ILLINOIS APPELLATE COURT — FIRST DISTRICT (2ND DIVISION) REVERSED AND REMANDED.
OPINION FILED NOVEMBER 24, 1981.
JAMES PRINCIPATO, JR., PLAINTIFF-APPELLEE,
HENRY RUDD ET AL., DEFENDANTS-APPELLANTS.
APPEAL from the Circuit Court of Cook County; the Hon. L.
SHELDON BROWN, Judge, presiding.
JUSTICE DOWNING DELIVERED THE OPINION OF THE COURT:
Defendants Henry Rudd, Marion Rudd, Rudd Container Company, and Anthony Reda appeal the granting of a new trial to plaintiff James Principato, Jr. Plaintiff filed a one-count negligence complaint concerning a truck collision. After a jury verdict for defendants, the trial court granted plaintiff's motion for a new trial. We granted defendants leave to appeal under Supreme Court Rule 306. (73 Ill.2d R. 306.) Plaintiff also appeals the trial court's denial of his motion for judgment notwithstanding the verdict.
Plaintiff James Principato, Jr., was an electrician for Advance Neon Sign Company. He was injured on May 17, 1974, while repairing a sign on Western Avenue in Chicago. Plaintiff was driving a 30-foot truck with a snorkel unit that extended about 42 inches beyond the truck when in a fully closed position. Plaintiff pulled the truck into a driveway, blocking the parking lane on Western Ave. The snorkel unit extended into the near traffic lane when closed, at a height of about 9 to 13 feet above the ground. Thus, cars passed under the extended boom. It is disputed whether or not a red flag was attached to the rear of the truck, and whether or not plaintiff placed a rubber warning cone in the street.
Plaintiff worked on the sign while sitting in the snorkel unit, raising it into the air. After he completed the repairs, plaintiff lowered the snorkel unit and locked it into place. He then noticed a handprint on the sign and briefly climbed a ladder affixed to the side of the truck to wipe the print.
Anthony Reda, defendant, was employed as a truck driver for defendant Rudd Container Company. While plaintiff was on the ladder, a truck driven by Reda hit a portion of plaintiff's truck that extended from its body. Plaintiff was thrown into the air and landed on his back on the truck. He was taken to a nearby hospital.
The degree of plaintiff's injuries was a matter greatly disputed at trial. It is undisputed that soon after the accident, plaintiff left his job at Advance Neon Sign Company and opened a small restaurant. This resulted in a loss of reported income. Two medical witnesses for plaintiff testified to injuries which weakened his back, precluding heavy work and bending. These injuries might be permanent. The defense did not call any medical witnesses.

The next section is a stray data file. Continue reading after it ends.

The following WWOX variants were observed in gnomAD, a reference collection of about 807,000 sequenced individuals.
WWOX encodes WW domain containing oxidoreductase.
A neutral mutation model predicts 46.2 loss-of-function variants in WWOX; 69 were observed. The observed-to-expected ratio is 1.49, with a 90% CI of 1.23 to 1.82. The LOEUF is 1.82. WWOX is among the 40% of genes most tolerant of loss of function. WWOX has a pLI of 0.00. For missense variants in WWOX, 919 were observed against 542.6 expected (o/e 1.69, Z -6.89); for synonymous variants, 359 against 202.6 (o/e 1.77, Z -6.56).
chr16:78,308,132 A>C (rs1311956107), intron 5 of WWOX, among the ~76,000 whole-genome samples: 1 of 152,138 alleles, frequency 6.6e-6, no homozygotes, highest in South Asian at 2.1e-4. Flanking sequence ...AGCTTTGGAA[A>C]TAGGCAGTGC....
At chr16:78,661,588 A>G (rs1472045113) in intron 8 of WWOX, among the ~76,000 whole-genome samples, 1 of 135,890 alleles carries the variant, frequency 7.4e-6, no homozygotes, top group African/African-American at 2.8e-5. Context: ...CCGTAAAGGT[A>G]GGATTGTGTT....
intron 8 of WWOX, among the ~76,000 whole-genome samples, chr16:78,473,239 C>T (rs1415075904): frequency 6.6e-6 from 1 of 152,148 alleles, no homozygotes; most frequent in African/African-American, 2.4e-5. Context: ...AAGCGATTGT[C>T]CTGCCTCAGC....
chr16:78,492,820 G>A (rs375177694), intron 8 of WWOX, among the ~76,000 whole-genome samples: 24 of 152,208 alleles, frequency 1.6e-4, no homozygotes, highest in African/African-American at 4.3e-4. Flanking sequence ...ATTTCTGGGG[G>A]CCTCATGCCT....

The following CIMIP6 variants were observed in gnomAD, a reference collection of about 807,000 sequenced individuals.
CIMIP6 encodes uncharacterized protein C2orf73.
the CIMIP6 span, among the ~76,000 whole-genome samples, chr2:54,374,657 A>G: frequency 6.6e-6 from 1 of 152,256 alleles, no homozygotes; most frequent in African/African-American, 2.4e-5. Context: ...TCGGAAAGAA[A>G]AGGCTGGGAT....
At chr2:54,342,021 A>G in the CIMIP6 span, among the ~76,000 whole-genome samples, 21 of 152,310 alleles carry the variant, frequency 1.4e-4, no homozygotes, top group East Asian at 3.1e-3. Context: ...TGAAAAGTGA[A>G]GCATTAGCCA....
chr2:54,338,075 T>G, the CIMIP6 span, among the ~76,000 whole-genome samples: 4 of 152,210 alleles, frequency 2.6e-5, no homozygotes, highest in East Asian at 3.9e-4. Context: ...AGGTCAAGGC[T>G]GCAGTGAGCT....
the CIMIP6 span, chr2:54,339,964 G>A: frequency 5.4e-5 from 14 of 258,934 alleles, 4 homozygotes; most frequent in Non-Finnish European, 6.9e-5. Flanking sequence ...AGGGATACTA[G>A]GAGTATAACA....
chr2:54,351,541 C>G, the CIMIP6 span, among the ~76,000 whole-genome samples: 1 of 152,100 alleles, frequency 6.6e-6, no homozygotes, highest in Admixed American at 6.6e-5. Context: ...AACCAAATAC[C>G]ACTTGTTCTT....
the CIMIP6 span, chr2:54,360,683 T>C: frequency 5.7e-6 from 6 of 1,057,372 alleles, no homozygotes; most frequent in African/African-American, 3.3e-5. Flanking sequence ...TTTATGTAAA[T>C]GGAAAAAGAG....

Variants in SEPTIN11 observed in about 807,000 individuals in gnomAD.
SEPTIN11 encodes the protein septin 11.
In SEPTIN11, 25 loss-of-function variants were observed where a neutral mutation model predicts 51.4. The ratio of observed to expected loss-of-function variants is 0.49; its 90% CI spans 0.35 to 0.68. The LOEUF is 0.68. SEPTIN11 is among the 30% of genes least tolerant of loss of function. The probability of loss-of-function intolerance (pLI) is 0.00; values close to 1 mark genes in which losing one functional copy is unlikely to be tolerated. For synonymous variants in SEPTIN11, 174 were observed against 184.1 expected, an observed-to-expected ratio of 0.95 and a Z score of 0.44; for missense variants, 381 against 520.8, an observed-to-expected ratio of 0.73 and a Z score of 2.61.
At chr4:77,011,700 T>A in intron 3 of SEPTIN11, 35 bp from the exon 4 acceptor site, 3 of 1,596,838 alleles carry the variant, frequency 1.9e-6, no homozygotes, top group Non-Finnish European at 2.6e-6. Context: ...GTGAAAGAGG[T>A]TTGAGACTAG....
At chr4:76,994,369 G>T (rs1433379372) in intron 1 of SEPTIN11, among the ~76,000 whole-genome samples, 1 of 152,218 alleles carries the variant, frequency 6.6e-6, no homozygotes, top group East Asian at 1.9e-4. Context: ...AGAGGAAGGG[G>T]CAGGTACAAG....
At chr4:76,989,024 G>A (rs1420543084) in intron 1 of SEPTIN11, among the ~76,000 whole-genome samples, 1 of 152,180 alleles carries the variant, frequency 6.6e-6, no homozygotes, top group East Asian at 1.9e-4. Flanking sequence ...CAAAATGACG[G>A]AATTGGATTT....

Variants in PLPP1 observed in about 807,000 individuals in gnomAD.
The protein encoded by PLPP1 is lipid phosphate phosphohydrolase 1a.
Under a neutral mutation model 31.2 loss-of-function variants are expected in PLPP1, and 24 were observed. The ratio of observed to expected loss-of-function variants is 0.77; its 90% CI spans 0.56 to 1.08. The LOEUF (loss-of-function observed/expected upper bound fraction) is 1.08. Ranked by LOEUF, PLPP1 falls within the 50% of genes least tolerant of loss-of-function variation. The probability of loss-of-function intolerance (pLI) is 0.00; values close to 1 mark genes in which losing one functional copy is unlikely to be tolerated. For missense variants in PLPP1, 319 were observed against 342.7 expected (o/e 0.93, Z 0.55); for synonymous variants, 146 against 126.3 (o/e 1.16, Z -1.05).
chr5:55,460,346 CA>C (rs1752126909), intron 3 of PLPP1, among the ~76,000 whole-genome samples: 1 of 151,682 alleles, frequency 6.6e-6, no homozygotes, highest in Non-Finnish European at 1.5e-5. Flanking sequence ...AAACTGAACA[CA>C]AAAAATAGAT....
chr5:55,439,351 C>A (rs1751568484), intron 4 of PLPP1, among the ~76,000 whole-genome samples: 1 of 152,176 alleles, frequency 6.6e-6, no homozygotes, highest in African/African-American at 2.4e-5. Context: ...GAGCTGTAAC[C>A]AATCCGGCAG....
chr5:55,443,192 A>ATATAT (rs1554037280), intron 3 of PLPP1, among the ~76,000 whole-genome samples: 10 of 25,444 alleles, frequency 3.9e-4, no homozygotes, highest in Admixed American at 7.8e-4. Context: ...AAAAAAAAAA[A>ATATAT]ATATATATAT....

In closing argument, plaintiff's counsel asked for approximately $500,000 in damages. The jury returned a verdict for defendants. The trial court subsequently granted plaintiff's motion for a new trial.
• 1 Initially, we dispose of plaintiff's contention that the trial court erred in denying his motion for judgment notwithstanding the verdict. Employing the Pedrick standard (Pedrick v. Peoria & Eastern R.R. Co. (1967), 37 Ill.2d 494, 510, 229 N.E.2d 504), we cannot say that the evidence, when viewed in the light most favorable to defendants, so overwhelmingly favors plaintiff that no contrary verdict based on the evidence could ever stand. Indeed, substantial issues of fact were presented to the jury, including whether or not plaintiff used a red warning flag and a rubber warning cone. The trial court properly denied plaintiff's motion for judgment notwithstanding the verdict.
Plaintiff's motion for a new trial was based on certain trial errors and on newly discovered evidence. The order granting plaintiff's motion stated that plaintiff was granted a new trial on the issues of liability and damage. We therefore review all the grounds for a new trial urged by plaintiff in this court and properly preserved by the post-trial motion.
The trial errors urged by plaintiff fall into three groups: (i) statements by defense counsel in the opening statement that were not supported by the evidence; (ii) defense counsel's prejudicial references to workmen's compensation during cross-examination; and (iii) the prejudicial remarks of defense counsel in closing argument. Plaintiff's theory is that the cumulative effect of these errors, especially where the evidence was close, justifies the granting of a new trial.